08/23/2018, 17.09
PALESTINE
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Caritas Jerusalem changing lives through making a million and half rosaries

The rosaries will be handed out at next year’s World Youth Day. Some 250 men and women are involved in the project, improving their economic situation. The goal is “to create a future that is secure and free from poverty” and “encourage the youth to pray the rosary for peace, love and justice.”

Jerusalem (AsiaNews) – Caritas Jerusalem has launched a project called ‘Changing Lives by Making Rosaries’. This entails needy families in Bethlehem Governorate making a million and a half rosaries for young people who will participate in next year’s World Youth Day in Panama.

In a Facebook post on Monday, Caritas Jerusalem noted that “The main aim of this project is not only to provide people with the means to create a future that is secure and free from poverty but also to encourage the youth to pray the rosary for peace, love and justice.”

The project itself will employ some 250 men and women working in 22 small olive wood workshops. In its statement, the Catholic charity illustrated its goal by presenting the stories of six of those workers.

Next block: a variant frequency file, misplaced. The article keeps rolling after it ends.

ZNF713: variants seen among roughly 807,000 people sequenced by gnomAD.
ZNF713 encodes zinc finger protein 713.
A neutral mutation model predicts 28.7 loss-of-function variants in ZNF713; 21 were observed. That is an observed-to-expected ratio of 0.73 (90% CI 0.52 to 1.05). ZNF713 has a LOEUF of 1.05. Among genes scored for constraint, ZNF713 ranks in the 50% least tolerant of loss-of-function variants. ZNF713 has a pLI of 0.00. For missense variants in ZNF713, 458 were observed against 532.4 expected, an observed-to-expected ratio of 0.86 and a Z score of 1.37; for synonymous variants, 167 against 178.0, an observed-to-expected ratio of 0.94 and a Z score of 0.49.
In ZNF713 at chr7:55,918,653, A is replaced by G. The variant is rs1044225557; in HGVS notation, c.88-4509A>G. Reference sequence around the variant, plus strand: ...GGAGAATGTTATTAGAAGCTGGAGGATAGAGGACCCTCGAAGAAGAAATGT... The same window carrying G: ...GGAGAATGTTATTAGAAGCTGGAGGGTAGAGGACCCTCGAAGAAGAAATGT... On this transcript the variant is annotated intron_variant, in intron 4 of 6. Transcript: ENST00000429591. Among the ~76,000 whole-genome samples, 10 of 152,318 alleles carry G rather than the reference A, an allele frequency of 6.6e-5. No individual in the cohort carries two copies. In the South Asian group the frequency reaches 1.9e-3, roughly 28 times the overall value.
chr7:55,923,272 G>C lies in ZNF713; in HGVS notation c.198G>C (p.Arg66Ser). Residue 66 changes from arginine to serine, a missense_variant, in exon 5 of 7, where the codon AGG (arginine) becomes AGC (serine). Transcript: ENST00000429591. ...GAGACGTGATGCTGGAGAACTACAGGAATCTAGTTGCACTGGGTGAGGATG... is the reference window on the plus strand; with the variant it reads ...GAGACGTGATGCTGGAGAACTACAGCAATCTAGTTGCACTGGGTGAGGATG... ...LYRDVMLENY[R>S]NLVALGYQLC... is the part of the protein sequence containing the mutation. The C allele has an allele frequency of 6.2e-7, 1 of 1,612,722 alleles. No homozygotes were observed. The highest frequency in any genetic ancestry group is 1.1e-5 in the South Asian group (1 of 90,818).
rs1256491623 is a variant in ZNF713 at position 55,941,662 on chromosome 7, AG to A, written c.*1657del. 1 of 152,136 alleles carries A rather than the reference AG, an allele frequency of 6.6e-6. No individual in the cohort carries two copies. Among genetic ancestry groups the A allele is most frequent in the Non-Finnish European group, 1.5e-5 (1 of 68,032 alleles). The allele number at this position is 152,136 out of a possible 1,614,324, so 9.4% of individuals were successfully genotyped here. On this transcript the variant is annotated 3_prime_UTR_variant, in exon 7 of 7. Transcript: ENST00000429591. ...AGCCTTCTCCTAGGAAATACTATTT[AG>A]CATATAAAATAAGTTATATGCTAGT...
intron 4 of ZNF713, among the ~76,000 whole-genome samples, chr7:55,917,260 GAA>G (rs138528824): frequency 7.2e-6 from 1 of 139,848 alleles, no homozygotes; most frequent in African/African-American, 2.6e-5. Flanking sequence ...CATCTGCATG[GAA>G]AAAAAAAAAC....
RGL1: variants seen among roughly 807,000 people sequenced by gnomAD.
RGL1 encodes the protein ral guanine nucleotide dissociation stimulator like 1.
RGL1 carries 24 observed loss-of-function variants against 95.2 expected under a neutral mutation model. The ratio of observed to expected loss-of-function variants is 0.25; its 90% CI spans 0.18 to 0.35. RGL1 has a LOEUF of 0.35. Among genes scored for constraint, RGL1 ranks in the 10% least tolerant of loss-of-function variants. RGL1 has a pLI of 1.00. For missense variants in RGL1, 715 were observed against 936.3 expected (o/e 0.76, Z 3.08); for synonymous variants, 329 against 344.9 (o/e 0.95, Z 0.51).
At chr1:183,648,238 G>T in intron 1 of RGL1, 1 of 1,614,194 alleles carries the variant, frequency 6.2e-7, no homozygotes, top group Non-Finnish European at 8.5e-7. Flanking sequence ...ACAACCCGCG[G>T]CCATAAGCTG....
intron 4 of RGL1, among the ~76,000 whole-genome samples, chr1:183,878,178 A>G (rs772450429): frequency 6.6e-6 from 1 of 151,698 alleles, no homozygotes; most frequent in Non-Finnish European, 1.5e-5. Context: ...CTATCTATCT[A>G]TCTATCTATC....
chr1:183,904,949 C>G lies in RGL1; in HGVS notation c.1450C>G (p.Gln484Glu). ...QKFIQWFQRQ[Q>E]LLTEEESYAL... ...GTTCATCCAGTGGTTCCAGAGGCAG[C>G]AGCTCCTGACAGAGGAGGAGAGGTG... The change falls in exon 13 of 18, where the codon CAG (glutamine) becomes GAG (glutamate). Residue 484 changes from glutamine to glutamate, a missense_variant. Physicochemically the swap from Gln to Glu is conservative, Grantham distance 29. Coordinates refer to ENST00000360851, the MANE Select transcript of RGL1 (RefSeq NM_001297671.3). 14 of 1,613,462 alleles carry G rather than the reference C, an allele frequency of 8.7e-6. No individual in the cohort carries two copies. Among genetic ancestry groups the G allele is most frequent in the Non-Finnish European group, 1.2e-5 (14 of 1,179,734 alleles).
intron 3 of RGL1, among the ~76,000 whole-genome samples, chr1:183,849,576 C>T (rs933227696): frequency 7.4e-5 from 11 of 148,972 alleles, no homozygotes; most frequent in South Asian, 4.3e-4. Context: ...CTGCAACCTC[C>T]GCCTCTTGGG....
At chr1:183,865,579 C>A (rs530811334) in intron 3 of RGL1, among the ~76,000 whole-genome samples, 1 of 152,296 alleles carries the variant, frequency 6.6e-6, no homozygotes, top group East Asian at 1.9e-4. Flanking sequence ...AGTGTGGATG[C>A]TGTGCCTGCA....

D. N., 26, scraped a living by working olive wood. “I was always a hard worker, but the wages were so low that I could hardly make a living,” he said. “Caritas revived the market and increased the wages to a fair level.” He now makes 80 per cent more and has hired four jobless young men to work with him.

N.E. is 34 and has worked in olive wood since he was 12. He built a workshop with three machines and two employees, but after joining the Caritas project, he was able to expand his business.

This “is the first time that I have my own income,” said Hiba, a young mother from Beit Sahour whose husband is a day labourer. “It is a wonderful feeling to be able to produce and assist my family. I am proud to be able to pay the children’s tuition fees.”

For her part, Christine, a Christian woman from Bethlehem, would have made rosaries even for free but is happy to earn a living from it.

Shrouq and Maysa instead are two university students who can pay for their education with income from making rosaries.

Picture from the Facebook page of Caritas Jerusalem.

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